In the room the women come and go
Talking of Michelangelo.

And indeed there will be time
To wonder, “Do I dare?” and, “Do I dare?”
Time to turn back and descend the stair,
With a bald spot in the middle of my hair—
(They will say: “How his hair is growing thin!”)
My morning coat, my collar mounting firmly to the chin,
My necktie rich and modest, but asserted by a simple pin—
(They will say: “But how his arms and legs are thin!”)
Do I dare
Disturb the universe?
In a minute there is time
For decisions and revisions which a minute will reverse.

For I have known them all already, known them all:—
Have known the evenings, mornings, afternoons,
I have measured out my life with coffee spoons;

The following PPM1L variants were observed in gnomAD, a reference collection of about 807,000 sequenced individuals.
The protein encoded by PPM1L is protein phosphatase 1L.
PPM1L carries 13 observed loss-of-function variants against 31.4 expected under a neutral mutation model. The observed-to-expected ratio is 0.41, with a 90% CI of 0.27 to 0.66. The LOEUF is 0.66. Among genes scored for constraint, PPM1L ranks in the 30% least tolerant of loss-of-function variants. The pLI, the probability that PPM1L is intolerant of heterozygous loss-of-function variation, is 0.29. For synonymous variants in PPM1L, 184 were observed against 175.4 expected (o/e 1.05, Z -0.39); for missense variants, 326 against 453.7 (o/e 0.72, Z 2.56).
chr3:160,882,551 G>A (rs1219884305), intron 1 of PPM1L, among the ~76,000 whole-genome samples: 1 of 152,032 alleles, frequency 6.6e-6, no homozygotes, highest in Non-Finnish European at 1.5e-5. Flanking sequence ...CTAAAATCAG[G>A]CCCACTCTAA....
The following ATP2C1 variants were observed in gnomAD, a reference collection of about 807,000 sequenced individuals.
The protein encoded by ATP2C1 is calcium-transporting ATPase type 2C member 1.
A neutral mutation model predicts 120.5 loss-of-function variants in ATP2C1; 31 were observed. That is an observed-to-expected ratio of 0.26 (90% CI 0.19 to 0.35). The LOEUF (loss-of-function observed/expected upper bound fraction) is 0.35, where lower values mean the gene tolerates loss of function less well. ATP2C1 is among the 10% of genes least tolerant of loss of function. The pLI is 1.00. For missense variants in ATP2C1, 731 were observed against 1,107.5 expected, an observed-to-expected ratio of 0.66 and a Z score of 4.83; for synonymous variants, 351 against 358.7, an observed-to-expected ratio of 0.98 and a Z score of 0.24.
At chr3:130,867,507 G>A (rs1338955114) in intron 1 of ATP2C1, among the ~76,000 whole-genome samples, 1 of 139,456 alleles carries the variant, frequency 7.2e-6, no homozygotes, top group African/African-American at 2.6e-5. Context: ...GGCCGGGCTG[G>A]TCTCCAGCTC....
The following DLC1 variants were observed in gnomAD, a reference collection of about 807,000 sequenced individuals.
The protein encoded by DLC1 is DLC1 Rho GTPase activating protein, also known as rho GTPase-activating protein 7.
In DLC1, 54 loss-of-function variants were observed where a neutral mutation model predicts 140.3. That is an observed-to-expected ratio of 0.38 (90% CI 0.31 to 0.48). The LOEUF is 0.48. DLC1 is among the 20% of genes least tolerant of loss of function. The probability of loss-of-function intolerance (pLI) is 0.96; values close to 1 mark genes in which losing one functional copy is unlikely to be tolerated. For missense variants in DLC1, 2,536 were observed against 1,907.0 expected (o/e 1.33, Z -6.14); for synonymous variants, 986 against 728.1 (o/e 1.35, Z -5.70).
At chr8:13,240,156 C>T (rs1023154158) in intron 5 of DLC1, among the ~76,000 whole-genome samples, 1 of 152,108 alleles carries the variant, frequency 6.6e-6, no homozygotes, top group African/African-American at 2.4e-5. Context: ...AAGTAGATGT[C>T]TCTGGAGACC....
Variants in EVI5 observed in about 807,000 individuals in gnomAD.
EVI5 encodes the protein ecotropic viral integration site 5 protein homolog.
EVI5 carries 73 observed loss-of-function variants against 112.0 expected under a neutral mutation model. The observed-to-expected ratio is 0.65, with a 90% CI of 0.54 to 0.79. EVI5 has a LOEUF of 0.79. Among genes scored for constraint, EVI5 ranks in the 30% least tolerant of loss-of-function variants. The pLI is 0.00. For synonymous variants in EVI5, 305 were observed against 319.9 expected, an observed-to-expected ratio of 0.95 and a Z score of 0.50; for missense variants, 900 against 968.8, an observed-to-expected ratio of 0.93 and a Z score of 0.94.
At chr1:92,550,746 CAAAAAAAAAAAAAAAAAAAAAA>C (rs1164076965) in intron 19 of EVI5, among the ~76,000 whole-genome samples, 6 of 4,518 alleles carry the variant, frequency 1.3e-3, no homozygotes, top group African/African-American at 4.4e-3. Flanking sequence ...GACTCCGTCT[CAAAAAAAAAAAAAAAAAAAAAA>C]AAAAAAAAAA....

I know the voices dying with a dying fall
Beneath the music from a farther room.
So how should I presume?

And I have known the eyes already, known them all—
The eyes that fix you in a formulated phrase,
And when I am formulated, sprawling on a pin,
When I am pinned and wriggling on the wall,
Then how should I begin
To spit out all the butt-ends of my days and ways?
And how should I presume?

And I have known the arms already, known them all—
Arms that are braceleted and white and bare
(But in the lamplight, downed with light brown hair!)
Is it perfume from a dress
That makes me so digress?
Arms that lie along a table, or wrap about a shawl.
And should I then presume?
And how should I begin?

. . . . .

Shall I say, I have gone at dusk through narrow streets
And watched the smoke that rises from the pipes